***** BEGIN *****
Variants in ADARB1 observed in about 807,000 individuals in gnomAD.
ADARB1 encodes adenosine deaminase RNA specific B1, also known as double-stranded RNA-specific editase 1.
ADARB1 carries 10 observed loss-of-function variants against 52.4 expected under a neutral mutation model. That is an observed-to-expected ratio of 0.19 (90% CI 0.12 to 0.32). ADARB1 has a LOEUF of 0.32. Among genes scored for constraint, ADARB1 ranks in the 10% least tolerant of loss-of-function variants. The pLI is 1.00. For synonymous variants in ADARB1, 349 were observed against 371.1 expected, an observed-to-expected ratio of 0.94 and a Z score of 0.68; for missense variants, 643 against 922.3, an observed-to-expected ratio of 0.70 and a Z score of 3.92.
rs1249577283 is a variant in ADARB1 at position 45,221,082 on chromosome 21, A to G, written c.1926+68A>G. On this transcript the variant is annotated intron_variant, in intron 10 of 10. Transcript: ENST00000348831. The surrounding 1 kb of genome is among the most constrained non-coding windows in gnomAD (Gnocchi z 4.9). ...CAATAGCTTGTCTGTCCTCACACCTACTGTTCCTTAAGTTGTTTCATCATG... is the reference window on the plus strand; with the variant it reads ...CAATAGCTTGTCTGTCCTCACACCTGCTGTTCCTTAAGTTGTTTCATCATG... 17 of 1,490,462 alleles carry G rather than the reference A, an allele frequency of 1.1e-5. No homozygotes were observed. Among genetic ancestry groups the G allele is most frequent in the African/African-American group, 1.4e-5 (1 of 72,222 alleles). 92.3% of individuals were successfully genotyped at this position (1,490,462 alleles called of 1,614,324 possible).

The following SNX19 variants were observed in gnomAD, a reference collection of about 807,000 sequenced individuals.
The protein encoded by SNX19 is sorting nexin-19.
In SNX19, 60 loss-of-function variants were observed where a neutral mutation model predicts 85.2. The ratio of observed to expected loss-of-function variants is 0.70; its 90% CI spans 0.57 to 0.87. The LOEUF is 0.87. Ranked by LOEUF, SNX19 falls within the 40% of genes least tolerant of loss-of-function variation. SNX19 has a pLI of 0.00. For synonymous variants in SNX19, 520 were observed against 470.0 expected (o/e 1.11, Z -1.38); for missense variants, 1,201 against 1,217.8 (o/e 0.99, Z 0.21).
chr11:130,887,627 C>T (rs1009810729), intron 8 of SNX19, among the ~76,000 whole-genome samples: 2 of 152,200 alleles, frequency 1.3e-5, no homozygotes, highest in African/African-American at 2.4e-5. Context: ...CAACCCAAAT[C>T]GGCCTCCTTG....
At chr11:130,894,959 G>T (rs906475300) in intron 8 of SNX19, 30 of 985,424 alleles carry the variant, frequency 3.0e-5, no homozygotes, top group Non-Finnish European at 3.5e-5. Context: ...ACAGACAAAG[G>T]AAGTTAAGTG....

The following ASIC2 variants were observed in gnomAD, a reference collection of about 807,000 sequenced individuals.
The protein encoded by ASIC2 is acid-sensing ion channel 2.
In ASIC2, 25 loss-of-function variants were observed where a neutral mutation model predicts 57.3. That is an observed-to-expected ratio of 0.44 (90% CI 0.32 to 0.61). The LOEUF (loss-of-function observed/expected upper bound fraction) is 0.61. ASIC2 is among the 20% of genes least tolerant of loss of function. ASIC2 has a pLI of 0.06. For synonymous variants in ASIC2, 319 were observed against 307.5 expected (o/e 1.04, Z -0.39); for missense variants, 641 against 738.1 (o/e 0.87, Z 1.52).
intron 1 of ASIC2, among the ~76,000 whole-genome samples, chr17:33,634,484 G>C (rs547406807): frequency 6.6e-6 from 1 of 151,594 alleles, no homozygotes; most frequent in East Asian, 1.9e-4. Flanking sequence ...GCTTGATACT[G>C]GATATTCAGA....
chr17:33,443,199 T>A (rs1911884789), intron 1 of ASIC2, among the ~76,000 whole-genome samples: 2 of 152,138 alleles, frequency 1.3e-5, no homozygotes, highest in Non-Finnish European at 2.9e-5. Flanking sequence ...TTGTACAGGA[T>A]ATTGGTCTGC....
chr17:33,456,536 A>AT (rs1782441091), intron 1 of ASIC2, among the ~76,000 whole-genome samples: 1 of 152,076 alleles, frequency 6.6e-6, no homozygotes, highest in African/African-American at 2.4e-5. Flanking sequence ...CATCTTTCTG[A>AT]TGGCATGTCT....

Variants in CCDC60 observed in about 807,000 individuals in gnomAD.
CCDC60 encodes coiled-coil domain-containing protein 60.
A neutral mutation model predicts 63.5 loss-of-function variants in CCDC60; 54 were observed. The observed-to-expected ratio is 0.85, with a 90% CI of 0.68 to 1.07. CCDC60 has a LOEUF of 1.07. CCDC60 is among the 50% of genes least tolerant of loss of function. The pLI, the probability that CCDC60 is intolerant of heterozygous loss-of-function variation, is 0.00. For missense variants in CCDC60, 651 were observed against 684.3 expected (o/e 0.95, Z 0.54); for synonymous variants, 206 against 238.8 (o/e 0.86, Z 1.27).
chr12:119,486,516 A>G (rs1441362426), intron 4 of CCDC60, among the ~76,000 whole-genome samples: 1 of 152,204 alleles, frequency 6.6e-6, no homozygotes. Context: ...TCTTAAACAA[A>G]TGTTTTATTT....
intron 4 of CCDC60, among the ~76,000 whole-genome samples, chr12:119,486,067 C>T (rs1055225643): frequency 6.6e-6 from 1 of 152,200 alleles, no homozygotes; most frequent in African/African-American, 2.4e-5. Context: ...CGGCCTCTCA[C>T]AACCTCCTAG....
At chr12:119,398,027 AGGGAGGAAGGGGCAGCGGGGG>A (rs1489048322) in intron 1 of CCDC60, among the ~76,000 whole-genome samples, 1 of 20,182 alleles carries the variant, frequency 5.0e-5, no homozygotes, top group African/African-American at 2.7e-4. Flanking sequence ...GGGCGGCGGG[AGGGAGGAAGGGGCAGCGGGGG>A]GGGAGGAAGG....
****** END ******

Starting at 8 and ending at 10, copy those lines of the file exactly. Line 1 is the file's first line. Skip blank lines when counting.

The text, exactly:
chr11:130,887,627 C>T (rs1009810729), intron 8 of SNX19, among the ~76,000 whole-genome samples: 2 of 152,200 alleles, frequency 1.3e-5, no homozygotes, highest in African/African-American at 2.4e-5. Context: ...CAACCCAAAT[C>T]GGCCTCCTTG....
At chr11:130,894,959 G>T (rs906475300) in intron 8 of SNX19, 30 of 985,424 alleles carry the variant, frequency 3.0e-5, no homozygotes, top group Non-Finnish European at 3.5e-5. Context: ...ACAGACAAAG[G>T]AAGTTAAGTG....

The following ASIC2 variants were observed in gnomAD, a reference collection of about 807,000 sequenced individuals.